NAGOYA/TOKYO -- The auto industry is undergoing a period of unprecedented change.
Not only are connectivity, electrification, autonomous vehicles and ride sharing changing how people move, they are causing a seismic shift in how automakers make money.
This will be "our future weapon," said Toyota Motor President Akio Toyoda of the JPN Taxi, a new connected vehicle unveiled in October and a pivotal product in how the company plans to lead a changing industry.
According to consulting firm PwC Strategy&, 41% of the profits generated in the industry in 2015 came from vehicle sales, as opposed to services like insurance or financing.
That figure is projected to drop to 29% in 2030 as new areas such as digital services take center stage and profits from existing businesses fall below 50% of the industry total.
Having sensed the changing landscape, the company has scrambled to get as many connected cars on the road as possible in a bid to build up a bank of data.
All this information "comes from taxis that are running right now," said Shigeki Tomoyama, the senior managing officer responsible for Toyota's connected vehicles division, at the launch event for the JPN Taxi.
The map projected behind him showed the locations of 500 taxis in the Japanese capital, whose speed, revolutions per minute and even front-view images were being recorded.
The system gathers data from drive recorders installed in the vehicles and has been undergoing verification tests since February.
The information paints an up-to-the-minute picture of road conditions, revealing everything from accidents to vacant parking spaces.
Toyota will start analyzing the petabyte of data it has amassed -- that is 1,000 trillion bytes, in case you were wondering -- using artificial intelligence in spring 2018 and begin providing traffic information on a trial basis.
It also plans to develop a new ride-hailing app for taxis that can dispatch cabs by predicting where demand hot spots will form.
By 2020, Toyota will equip almost all its ordinary car models in the U.S. and Japan with the data communication module as standard.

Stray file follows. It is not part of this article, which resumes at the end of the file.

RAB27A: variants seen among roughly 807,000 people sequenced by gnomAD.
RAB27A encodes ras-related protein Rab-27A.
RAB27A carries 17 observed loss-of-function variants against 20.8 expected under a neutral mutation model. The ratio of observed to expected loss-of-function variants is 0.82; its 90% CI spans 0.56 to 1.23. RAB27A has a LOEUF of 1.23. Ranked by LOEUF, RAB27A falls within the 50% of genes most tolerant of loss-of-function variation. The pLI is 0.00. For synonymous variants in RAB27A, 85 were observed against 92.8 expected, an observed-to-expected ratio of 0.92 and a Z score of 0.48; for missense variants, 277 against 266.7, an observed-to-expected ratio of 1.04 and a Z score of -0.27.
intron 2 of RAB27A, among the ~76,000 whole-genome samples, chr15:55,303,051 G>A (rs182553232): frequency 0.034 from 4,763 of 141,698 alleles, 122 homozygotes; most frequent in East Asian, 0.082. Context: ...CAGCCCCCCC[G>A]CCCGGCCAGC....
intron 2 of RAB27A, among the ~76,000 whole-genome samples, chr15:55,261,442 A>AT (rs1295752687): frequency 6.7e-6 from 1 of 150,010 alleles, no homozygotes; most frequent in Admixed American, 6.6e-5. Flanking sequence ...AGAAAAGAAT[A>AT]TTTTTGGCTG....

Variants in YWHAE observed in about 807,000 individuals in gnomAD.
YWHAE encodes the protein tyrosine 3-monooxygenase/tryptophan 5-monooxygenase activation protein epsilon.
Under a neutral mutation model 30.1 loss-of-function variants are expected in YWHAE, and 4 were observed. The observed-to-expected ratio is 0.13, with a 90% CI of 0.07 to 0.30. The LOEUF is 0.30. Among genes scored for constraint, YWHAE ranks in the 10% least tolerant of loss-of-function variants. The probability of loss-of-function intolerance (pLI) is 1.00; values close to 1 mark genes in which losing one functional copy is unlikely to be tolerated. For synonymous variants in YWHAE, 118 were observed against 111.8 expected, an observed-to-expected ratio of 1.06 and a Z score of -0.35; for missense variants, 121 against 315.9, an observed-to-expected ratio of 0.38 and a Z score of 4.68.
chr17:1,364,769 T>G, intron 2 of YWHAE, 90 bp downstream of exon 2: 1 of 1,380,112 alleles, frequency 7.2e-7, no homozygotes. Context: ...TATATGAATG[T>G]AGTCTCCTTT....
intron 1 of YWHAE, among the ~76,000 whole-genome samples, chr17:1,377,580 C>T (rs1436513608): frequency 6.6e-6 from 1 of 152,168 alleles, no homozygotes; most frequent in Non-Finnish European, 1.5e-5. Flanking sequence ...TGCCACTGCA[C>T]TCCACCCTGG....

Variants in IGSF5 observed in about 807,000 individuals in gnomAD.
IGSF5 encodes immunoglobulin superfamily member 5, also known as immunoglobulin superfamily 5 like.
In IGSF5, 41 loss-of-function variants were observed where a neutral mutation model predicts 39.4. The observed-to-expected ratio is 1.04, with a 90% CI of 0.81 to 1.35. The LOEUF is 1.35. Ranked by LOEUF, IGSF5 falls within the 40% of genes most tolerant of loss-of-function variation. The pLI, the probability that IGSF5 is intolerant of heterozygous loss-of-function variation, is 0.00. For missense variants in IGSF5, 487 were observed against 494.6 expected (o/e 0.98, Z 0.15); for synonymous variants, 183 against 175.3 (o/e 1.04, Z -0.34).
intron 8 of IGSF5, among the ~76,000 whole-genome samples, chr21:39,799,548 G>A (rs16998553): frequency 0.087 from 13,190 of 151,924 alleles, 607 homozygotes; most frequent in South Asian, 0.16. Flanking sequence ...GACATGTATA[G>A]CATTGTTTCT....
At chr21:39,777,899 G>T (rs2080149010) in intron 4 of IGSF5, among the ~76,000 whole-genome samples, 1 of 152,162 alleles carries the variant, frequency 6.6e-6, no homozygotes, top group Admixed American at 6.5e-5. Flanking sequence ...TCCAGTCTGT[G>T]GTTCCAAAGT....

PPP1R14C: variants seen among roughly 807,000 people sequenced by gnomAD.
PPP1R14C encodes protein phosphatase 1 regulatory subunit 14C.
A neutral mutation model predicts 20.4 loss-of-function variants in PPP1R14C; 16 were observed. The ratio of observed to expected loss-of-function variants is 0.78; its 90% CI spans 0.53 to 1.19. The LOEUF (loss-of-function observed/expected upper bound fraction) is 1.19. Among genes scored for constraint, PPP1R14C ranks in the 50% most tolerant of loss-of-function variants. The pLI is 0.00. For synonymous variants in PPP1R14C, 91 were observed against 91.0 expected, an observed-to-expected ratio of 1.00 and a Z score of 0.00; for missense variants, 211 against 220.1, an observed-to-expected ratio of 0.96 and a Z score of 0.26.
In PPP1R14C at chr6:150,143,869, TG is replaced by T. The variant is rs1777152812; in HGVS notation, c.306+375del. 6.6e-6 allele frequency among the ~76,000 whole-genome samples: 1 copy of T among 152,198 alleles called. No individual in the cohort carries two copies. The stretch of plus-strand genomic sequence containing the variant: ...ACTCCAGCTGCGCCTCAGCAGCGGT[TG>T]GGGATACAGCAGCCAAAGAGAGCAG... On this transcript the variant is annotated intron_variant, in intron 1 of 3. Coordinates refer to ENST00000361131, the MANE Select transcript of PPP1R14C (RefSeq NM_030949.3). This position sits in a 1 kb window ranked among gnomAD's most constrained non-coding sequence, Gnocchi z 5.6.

Ahead of the curve
The development of electrified and autonomous cars, as well as the growth of ride-sharing services may lead to what business analysts call a "smiling curve," where profitability is high for the upstream and downstream processes and low in the midstream.
Upstream processes involve design and component manufacture while downstream represents service provision. Assembly comes in the middle.
The likes of Toyota have enjoyed life at one end of the curve, with new car sales as their core business, but that is now set to change.
Yusuke Shimizu, manager of Deloitte Tohmatsu Consulting, described the negative impact on earnings from vehicle electrification due to issues like the high cost of batteries as "non-negligible."
Tomoyama has unveiled a blueprint mapping out how Toyota aims to become a provider of mobility service platforms to other businesses.
This is being treated with a sense of urgency by the company -- failure to do so would force it into the middle of the curve.
The transformation of the auto sector, however, also opens up new opportunities for companies from outside, and Toyota is looking to position itself as the gateway to the industry.
For potential partners, the appeal is clear -- in Japan alone there are more than 18 million Toyota passenger cars on the road which can be turned into a gold mine of data.
More than 500 entities applied for the Toyota Next project, through which the company solicits bids for partnership ideas. Five were chosen.
One of which was Tokyo-based Nightley, a company that maps popular areas by logging tourists' social media posts and provides the data to other businesses.
Combining Nightley's analysis technology and Toyota's mobility data, the two companies aim to develop a service that can assist with targeted marketing for specific areas.
"If we can draw on vehicle data, that would expand new possibilities in local economic revitalization and other areas," said Nightley President Yutaka Ishikawa.
"I want to change the experience of traveling by car," said Mutsumi Ota, president of online gift-voucher company Giftee, another partner.
The venture's envisioned system makes e-gifts and digital currencies available from restaurants, retailers and tourist spots in areas people drive to.
Japanese automakers like Toyota have focused on the development of connected vehicles.
Since Honda Motor introduced Internavi in 1997, makers have been able to offer on-demand traffic information and route finder services that are based on data amassed from the companies' vehicles.
According to a Honda sales manager, the company's connected car technology has been positioned as "a means to enhance the convenience and joy of driving our cars."
So far, none have figured out how to profit from the technology. Toyota's connected strategy could, however, be the game changer.